CJAMM aims to break cycles of incarceration
The evening featured dinner and a silent auction with a presentation by republican Rep. Kris Steele, who served as Oklahoma’s House Speaker from 2011-12. Steele shared about Oklahoma’s history of mass incarceration and encouraged support of the ministry.
“I believe it may be CJAMM’s super power to always believe the best in others,” Steele said. “There’s no such thing as a spare Oklahoman, and we know our communities are at their best when everyone can contriute to the greater good.”
CJAMM Director Kristen Harlin thanked attendees for their contributions to the ministry and shared stories of how New Day Camp, Redemption Church and the Exodus House impacted those they served in a positive way.
One of those impacted was Amber Salazar, a 34-year-old mother currently residing at the Exodus House. Salazar’s mother had gone through the Exodus House program before her, a fact Salazar said gave her hope that life could be about more than survival.
Salazar was incarcerated twice as an adult. The first time she was released, she said she went back into the habits she knew. The second time, she was able to live at the Exodus House.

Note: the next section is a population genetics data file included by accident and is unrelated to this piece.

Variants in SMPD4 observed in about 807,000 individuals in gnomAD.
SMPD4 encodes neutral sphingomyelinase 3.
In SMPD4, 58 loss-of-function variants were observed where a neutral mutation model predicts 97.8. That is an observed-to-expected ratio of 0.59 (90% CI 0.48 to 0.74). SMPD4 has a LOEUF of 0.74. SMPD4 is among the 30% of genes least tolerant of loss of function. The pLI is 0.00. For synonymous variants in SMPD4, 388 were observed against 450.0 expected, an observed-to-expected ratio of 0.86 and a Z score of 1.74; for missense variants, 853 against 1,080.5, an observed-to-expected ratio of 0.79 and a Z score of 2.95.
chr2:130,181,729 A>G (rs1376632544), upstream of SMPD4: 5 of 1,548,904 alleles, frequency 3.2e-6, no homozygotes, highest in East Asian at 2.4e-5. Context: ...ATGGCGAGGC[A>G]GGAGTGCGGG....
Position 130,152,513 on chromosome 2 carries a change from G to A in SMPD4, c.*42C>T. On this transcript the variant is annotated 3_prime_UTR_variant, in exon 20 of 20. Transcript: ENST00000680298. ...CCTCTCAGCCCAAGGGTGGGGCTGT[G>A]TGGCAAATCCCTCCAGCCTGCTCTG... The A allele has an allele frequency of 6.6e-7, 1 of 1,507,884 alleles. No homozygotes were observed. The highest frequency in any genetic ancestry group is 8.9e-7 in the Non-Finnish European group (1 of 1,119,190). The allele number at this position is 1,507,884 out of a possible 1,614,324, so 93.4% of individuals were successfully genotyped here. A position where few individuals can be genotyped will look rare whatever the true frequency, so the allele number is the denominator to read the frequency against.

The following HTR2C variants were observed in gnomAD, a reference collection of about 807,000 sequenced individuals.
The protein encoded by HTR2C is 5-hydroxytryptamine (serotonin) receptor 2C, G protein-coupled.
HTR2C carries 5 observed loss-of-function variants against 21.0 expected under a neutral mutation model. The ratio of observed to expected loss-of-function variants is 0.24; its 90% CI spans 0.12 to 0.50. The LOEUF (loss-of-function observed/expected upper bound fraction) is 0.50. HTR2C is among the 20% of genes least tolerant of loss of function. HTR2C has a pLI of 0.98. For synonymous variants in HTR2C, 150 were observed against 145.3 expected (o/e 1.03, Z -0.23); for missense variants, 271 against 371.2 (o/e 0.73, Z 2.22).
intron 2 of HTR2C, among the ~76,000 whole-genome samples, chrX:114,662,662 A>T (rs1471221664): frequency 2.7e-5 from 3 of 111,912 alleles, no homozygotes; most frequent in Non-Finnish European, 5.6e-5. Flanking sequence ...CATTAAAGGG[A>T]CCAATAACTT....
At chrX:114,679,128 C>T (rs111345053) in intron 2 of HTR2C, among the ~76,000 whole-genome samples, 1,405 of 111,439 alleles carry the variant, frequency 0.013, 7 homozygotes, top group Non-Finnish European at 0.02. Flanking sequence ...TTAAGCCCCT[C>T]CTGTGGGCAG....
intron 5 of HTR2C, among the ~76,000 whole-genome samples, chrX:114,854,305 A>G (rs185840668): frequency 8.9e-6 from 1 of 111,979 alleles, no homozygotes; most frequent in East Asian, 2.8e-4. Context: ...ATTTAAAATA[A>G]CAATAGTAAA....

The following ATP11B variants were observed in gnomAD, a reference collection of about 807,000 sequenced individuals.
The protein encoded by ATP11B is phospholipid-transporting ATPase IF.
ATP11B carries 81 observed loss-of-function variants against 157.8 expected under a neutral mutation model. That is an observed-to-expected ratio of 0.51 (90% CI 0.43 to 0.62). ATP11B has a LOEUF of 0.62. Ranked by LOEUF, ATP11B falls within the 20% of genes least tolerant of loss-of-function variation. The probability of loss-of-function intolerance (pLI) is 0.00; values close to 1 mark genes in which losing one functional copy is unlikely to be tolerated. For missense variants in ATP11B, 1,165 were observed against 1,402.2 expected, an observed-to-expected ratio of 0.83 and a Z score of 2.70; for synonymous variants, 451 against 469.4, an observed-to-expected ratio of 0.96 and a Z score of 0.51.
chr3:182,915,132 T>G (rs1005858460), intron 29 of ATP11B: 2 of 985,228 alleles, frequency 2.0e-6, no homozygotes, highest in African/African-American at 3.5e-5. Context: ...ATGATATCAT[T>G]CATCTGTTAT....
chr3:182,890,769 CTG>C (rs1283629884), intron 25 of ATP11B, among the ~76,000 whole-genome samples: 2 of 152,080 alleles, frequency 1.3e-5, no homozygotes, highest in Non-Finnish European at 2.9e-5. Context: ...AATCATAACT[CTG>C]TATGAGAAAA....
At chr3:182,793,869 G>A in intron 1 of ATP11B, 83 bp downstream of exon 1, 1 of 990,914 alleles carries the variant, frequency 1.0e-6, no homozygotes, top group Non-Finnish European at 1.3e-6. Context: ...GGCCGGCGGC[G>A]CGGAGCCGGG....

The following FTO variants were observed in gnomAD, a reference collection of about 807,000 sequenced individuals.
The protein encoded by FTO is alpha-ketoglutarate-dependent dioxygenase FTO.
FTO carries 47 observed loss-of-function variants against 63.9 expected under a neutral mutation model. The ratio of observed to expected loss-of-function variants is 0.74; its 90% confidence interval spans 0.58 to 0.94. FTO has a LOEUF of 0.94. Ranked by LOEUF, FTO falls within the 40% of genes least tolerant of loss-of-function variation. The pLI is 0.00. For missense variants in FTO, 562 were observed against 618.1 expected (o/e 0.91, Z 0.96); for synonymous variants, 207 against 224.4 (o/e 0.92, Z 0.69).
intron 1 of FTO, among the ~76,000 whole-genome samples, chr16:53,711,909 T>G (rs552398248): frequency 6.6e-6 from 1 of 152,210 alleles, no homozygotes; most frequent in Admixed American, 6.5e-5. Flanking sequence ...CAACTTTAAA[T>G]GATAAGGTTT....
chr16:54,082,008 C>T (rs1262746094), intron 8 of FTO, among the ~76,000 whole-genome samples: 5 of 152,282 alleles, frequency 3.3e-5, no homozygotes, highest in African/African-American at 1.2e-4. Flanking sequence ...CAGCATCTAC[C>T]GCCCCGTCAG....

“I’m able to take my son to church and give my son life instead of teaching him to survive so we can make it,” she said. “I get to break that cycle, and I’m glad I have Exodus House to show me and help me do that. I never would have made it, but I’m doing it now.”
CJAMM founder Dr. Stan Basler presented the Stan Basler Award to Dr. and Mrs. Jim and Jean Key. The Keys played an instrumental role in bringing Kairos, a Christian renewal weekend, into Oklahoma prisons in the mid 1990s. They are also long-time volunteers at New Day Camp.
Upon receiving the award, Jim Key deflected the applause and said he was simply a tool for God’s work in the world.
“If a carpenter made you a beautiful table, you’d want to thank somebody, but would you thank the tools?” he said. “I’m just a hammer, and we thank God, the carpenter, for the work.”
To learn more about CJAMM or to get involved, visit www.cjamm.org.